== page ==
# I A skeptic's view on Bohmian Mechanics

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1. Jan 11, 2017

### A. Neumaier

Reading this paper, I found their reference to a blog article by Reinhard Werner, one of the leaders in quantum information theory, on Bohmian mechanics, with sharp comments and questions such as the following:
At the end he poses http://www.itp.uni-hannover.de/~werner/Bohm.html [Broken], for which one can earn a bottle of good wine. I don't know whether @Demystifier likes wine, but perhaps he likes to decide the question with a mathematical proof.

And then follows on the blog a lively debate ....

Last edited by a moderator: May 8, 2017
2. Jan 12, 2017

### Demystifier

I don't like wine, but I think that the only hard part of the problem is to solve the Schrodinger equation for that case, which does not depend on whether you use or not use Bohmian mechanics. Once you have the solution of the Schrodinger equation (which may be a task for any quantum physicist), the questions specific to the Bohmian interpretation should be easy to answer.

Last edited by a moderator: May 8, 2017
3. Jan 12, 2017

### A. Neumaier

But any quantum physicist is unlikely to be interested in it, since it is a question about the behavior of Bohmian particles.

That you (and anyone else in the Bohmian camp) take so little interest in actually discussing and solving these kind of problems reinforces the observation by Werner that Bohmian mechanics did not generate interesting results from a technical point of view but understands itself just as a commentary on quantum mechanics, without which most physicists can happily live.

Last edited: Jan 12, 2017
4. Jan 12, 2017

### ShayanJ

This is confusing! Most physicists are already living happily with quantum mechanics, without MWI, or your thermal interpretation or decoherence or even without thinking what interpretation they're using or whether the interpretation they're using is consistent or not. So how is it that the same thing is interpreted as the shortcoming of BM?

P.S.
I don't like BM, but people are obviously being unfair to it!

5. Jan 12, 2017

### A. Neumaier

I agree. There is no need for an interpretation beyond what everyone happily lives with, unless one can answer questions that need a lot of math of the kind needed for solving the Bohmian Detector Problem. Someone happy to live without an answer to this within the Bohmian interpretation will also be happy without the Bohmian interpretation itself. I don't understand why you find this confusing!

Note that I spent myself a lot of time with the Bohmian interpretation before I rejected it as superficial, essentially for the reasons given by Werner. It didn't add any understanding but wasted a lot of my time.

My thermal interpretation is nothing new, it just gives explicit words for what people happy with QM are using anyway when interpreting their theories and results. Not a single additional feature is present. And it poses some highly nontrivial mathematical problems involving many-body problems related to measurement, whose solution I am working on. Having not solved them is one of the reasons I delay publication of a formal account of the interpretation.

Last edited: Jan 12, 2017
6. Jan 12, 2017

### Demystifier

As I stressed several times, there are some technical physical practical results of BM:
https://www.amazon.com/Applied-Bohmian-Mechanics-Nanoscale-Cosmology/dp/9814316393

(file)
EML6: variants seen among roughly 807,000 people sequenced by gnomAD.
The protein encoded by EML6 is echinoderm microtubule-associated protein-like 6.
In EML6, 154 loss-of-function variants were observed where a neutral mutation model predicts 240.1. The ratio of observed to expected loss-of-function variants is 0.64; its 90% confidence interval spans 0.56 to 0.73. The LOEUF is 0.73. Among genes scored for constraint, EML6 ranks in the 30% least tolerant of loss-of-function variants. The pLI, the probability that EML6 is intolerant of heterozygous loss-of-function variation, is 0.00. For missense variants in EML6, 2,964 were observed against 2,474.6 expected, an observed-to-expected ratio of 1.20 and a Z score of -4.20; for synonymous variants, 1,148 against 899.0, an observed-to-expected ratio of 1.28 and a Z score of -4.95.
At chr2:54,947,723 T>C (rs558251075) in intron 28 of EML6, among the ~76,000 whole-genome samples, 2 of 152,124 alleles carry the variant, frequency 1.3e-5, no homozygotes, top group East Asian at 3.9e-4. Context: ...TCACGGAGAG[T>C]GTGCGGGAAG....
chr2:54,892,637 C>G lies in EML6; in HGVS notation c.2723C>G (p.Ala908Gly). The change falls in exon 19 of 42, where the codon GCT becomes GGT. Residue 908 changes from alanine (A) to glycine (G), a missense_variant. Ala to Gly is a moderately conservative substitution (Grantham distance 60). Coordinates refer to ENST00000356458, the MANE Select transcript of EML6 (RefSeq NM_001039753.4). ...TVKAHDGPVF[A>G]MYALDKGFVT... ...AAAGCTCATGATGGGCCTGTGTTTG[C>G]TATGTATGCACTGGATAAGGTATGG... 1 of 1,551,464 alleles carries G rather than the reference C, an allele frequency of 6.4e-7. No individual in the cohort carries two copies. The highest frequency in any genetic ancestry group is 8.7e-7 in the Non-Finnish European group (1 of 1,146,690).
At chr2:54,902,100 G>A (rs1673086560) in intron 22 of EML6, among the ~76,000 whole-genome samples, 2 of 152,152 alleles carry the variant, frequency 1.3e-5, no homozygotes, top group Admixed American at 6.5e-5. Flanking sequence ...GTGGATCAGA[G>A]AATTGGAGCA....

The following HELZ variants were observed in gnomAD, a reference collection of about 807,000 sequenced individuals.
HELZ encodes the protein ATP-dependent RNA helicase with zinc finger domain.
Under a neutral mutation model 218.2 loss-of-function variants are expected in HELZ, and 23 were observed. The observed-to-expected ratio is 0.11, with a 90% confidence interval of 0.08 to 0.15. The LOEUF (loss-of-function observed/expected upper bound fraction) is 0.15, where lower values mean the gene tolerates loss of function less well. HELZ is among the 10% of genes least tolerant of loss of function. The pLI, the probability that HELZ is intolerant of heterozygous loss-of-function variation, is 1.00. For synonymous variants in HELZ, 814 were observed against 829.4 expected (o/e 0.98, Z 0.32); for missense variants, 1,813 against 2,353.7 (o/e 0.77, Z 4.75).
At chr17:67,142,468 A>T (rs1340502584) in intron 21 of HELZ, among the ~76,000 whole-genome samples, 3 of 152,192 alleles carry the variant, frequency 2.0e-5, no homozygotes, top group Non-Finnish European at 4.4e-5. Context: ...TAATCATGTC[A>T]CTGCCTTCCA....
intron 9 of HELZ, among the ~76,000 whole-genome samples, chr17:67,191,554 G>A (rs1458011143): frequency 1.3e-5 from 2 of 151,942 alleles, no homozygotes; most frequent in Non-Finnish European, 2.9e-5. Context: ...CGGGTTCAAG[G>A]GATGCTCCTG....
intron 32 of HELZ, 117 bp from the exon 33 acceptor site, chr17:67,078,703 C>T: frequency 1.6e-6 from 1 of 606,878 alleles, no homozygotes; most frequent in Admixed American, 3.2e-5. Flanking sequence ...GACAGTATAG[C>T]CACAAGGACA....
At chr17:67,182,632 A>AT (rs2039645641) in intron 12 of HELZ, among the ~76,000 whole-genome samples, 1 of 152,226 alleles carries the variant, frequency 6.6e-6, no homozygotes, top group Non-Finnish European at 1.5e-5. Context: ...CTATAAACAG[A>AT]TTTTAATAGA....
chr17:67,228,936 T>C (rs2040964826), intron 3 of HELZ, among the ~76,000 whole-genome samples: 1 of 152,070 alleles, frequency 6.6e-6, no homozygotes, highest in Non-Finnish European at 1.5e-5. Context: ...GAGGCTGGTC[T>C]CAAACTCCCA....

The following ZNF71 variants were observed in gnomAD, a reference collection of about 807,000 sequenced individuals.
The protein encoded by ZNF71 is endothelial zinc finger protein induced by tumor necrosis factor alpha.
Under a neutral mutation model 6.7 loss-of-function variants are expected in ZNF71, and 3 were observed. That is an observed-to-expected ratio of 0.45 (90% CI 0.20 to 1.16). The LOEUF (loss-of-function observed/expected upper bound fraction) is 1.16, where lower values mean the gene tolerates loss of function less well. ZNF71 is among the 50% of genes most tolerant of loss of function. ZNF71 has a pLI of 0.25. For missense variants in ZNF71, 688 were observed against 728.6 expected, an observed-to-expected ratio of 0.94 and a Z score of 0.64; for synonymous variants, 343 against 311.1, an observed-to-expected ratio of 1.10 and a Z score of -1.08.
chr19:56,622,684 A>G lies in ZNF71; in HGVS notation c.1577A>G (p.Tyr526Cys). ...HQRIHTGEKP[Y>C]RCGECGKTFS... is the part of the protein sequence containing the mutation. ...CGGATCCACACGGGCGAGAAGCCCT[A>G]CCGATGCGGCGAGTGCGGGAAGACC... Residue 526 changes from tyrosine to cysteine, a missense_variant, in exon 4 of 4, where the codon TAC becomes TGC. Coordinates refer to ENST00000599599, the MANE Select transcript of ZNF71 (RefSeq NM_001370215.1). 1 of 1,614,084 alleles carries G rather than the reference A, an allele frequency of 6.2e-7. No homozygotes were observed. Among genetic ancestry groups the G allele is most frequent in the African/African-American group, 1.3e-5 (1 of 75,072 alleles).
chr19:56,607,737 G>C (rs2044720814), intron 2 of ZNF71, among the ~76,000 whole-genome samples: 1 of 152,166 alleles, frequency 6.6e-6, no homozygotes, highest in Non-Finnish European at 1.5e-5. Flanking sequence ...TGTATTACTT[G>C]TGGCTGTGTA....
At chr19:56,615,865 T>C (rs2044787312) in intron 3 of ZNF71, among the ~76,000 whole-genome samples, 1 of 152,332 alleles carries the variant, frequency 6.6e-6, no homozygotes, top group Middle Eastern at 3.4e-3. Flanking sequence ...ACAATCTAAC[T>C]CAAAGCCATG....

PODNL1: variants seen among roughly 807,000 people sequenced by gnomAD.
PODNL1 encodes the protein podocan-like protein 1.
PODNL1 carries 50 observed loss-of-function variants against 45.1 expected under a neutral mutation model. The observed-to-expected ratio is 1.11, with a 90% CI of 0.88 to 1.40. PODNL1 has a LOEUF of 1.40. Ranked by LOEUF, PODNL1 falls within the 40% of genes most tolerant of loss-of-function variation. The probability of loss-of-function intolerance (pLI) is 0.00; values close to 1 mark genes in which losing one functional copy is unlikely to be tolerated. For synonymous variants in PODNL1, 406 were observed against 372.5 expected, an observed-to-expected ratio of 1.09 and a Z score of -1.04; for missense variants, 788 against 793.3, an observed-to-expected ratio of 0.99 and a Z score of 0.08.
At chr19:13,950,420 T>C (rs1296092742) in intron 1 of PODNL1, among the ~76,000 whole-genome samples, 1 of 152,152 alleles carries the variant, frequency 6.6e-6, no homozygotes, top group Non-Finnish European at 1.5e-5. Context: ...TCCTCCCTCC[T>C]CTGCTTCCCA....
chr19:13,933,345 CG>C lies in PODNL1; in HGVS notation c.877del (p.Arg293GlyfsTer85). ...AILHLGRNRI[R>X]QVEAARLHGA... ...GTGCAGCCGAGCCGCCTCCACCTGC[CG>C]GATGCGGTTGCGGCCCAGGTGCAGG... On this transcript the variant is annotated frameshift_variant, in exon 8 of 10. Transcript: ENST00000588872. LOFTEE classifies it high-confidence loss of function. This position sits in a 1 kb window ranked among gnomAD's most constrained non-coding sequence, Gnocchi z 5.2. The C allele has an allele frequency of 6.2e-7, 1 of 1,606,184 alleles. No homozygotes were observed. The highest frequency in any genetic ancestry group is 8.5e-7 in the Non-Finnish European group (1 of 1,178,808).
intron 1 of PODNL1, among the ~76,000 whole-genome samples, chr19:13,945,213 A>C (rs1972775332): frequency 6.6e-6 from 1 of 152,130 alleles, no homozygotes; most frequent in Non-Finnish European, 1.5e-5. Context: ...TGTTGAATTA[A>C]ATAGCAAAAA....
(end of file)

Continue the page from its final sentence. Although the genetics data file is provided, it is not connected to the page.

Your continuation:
Nevertheless, I agree that most of the work on BM (or any other interpretation beyond the minimal pragmatic one) is just a commentary on quantum mechanics, without which most physicists can happily live. But some people need more to reach happiness, and BM (just as all other interpretations beyond the minimal pragmatic one) is devised for them.

Last edited by a moderator: May 8, 2017
7. Jan 12, 2017

### Demystifier

Just because it is a question about BM doesn't make it relevant for BM.

8. Jan 12, 2017

### ShayanJ

I didn't say that. Interpretations are not there to make such people happy. They're there to make other people happy. I can't stop myself from comparing it to quantum gravity. Why do we feel the need to quantize gravity? Because general relativity predicts singularities and we're not happy with it? So just be happy with it, problem solved! Because black holes don't seem to conserve information and we're not happy with it? So just be happy with it, problem solved! Because gravity seems so much different from other interactions and we're not happy with it? So just be happy with it, problem solved! Is this the kind of physics you like?

9. Jan 12, 2017

### A. Neumaier

I know. But I said that. All researchers choose what they like to do research on and what they are prepared to believe on hearsay, or defer judgement. This is about happiness, not about physics.

Those problems will eventually be solved where enough people are unhappy with them that one of them finds the energy and creativity to actually do the work.

10. Jan 12, 2017

### Demystifier

There is no such interpretation with which everyone is happy.

11. Jan 12, 2017

### A. Neumaier

You seem not to be familiar with figures of speech.

12. Jan 12, 2017

### Demystifier

Maybe I could learn it by writing a paper entitled "Why everyone needs Bohmian mechanics".

13. Jan 12, 2017

### ShayanJ

Well, you said "I agree", so I thought that's what you got from what I said!
Anyway, that's exactly what I wanted to say. The physics community now is divided. The majority of physicists are happy with quantum mechanics and see no problem in it and just want to use it. There are some people who see some problems and want to solve them. These are not only Bohmians. Everyone who does some research on foundational issues is in this camp. So its not that there are problems that only Bohmians see, its just that Bohmians have their own way of looking at these problems. And I really don't see anything different here and that's what confusing me. Why everyone treats Bohmian mechanics so much different than other interpretations? Its not better than others but its not worse too!